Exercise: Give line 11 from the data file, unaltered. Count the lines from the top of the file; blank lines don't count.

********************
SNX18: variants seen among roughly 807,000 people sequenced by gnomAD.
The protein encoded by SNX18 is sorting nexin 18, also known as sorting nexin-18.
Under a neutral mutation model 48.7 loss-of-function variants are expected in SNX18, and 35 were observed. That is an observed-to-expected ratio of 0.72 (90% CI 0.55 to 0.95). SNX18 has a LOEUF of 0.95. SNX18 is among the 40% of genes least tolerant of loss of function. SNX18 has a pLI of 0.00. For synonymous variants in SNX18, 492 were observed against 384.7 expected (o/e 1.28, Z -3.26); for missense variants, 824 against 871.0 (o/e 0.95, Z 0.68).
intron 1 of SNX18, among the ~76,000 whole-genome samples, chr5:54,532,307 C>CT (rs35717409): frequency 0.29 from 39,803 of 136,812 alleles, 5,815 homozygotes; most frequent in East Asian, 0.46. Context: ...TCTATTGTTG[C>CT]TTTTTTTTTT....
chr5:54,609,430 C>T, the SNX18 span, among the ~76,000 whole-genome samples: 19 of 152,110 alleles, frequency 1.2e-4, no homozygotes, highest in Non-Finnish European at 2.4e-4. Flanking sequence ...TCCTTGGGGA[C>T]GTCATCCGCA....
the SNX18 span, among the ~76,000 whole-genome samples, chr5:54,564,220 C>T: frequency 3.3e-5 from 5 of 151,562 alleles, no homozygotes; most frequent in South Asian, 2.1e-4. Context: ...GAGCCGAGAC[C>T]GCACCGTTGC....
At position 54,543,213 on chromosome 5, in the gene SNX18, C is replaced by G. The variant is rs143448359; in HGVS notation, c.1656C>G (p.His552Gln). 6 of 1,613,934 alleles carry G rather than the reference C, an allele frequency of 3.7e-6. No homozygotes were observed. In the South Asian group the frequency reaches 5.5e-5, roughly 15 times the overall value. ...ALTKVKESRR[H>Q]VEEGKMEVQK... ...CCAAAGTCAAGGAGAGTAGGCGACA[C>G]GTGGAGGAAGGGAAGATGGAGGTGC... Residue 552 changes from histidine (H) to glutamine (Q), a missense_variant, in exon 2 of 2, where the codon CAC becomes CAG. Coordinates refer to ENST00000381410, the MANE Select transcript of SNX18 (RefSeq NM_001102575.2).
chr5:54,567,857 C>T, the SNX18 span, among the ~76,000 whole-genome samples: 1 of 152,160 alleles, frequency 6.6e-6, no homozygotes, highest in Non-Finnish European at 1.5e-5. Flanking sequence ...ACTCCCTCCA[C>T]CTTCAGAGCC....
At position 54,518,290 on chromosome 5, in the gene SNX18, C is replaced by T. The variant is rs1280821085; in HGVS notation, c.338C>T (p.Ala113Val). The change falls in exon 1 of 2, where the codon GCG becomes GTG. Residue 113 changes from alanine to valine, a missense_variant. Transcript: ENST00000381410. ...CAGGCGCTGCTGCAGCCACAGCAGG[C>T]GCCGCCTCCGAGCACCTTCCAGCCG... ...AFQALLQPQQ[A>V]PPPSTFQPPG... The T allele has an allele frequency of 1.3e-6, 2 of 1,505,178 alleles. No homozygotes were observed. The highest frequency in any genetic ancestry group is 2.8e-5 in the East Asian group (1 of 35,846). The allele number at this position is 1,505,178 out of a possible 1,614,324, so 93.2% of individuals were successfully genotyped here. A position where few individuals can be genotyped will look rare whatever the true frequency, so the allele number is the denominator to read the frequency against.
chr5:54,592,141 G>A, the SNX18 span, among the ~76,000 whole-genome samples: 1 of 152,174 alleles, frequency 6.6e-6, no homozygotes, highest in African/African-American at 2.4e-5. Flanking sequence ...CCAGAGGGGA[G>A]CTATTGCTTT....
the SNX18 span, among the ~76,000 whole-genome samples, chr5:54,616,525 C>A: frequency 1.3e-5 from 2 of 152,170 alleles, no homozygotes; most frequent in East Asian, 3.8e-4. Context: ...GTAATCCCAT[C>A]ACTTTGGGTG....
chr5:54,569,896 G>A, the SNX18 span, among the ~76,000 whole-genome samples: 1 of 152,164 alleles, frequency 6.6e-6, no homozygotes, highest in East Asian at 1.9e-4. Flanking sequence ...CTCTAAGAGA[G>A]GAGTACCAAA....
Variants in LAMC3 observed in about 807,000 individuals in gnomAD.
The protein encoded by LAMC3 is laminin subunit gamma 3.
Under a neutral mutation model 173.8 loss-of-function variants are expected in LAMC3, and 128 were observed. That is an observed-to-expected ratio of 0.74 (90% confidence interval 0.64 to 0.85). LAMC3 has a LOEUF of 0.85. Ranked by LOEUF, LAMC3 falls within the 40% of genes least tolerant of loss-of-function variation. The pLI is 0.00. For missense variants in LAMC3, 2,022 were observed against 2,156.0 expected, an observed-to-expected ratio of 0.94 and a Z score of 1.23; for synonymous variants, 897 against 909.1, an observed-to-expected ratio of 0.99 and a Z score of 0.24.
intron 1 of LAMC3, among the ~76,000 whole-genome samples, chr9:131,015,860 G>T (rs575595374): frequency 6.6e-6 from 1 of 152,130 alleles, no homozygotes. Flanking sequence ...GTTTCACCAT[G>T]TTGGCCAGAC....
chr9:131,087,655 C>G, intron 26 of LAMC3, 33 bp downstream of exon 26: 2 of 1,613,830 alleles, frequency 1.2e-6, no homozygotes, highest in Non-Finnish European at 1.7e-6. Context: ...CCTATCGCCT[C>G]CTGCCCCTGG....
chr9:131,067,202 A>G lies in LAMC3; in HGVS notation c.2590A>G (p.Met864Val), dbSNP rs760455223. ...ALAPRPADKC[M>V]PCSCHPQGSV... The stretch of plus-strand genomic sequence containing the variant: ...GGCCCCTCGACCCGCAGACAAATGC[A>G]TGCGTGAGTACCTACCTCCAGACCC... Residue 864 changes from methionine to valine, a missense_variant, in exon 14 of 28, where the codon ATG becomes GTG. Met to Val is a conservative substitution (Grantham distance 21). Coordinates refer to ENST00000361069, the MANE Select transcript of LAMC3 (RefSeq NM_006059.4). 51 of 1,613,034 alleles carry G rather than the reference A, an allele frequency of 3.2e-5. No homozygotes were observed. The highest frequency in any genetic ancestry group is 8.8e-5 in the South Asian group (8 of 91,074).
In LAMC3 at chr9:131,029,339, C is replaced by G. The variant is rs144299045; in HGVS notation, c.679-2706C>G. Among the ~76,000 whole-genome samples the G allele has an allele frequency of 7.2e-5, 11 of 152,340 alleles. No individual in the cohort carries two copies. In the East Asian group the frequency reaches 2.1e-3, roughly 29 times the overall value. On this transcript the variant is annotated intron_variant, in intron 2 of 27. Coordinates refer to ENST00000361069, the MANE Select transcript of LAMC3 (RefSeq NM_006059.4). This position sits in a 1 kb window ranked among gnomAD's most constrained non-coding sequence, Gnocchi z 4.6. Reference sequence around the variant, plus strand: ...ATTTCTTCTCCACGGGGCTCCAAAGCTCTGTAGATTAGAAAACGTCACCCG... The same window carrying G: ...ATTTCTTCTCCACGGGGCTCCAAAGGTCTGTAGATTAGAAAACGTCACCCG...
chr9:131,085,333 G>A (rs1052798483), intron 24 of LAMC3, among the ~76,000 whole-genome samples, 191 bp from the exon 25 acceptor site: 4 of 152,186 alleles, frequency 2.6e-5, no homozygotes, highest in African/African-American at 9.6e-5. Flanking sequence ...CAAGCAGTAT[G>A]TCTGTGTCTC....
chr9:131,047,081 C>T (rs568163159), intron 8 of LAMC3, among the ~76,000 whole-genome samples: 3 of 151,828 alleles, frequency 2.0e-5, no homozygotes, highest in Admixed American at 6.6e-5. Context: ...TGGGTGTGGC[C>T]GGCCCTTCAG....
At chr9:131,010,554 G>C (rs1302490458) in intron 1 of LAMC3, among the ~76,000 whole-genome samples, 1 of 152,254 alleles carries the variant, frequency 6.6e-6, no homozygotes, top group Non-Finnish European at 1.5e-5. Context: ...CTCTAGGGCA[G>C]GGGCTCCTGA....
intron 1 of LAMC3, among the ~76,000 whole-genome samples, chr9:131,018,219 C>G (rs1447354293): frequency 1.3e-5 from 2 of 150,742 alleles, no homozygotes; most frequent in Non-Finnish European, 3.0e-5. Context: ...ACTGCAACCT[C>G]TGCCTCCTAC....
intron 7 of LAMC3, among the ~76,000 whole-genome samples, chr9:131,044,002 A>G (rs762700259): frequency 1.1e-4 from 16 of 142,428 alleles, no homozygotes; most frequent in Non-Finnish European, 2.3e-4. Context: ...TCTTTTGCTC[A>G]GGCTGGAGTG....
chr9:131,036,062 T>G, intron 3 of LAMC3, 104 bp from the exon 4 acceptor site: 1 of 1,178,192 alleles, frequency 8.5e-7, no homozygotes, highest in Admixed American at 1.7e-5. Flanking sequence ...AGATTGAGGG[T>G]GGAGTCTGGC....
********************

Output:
the SNX18 span, among the ~76,000 whole-genome samples, chr5:54,616,525 C>A: frequency 1.3e-5 from 2 of 152,170 alleles, no homozygotes; most frequent in East Asian, 3.8e-4. Context: ...GTAATCCCAT[C>A]ACTTTGGGTG....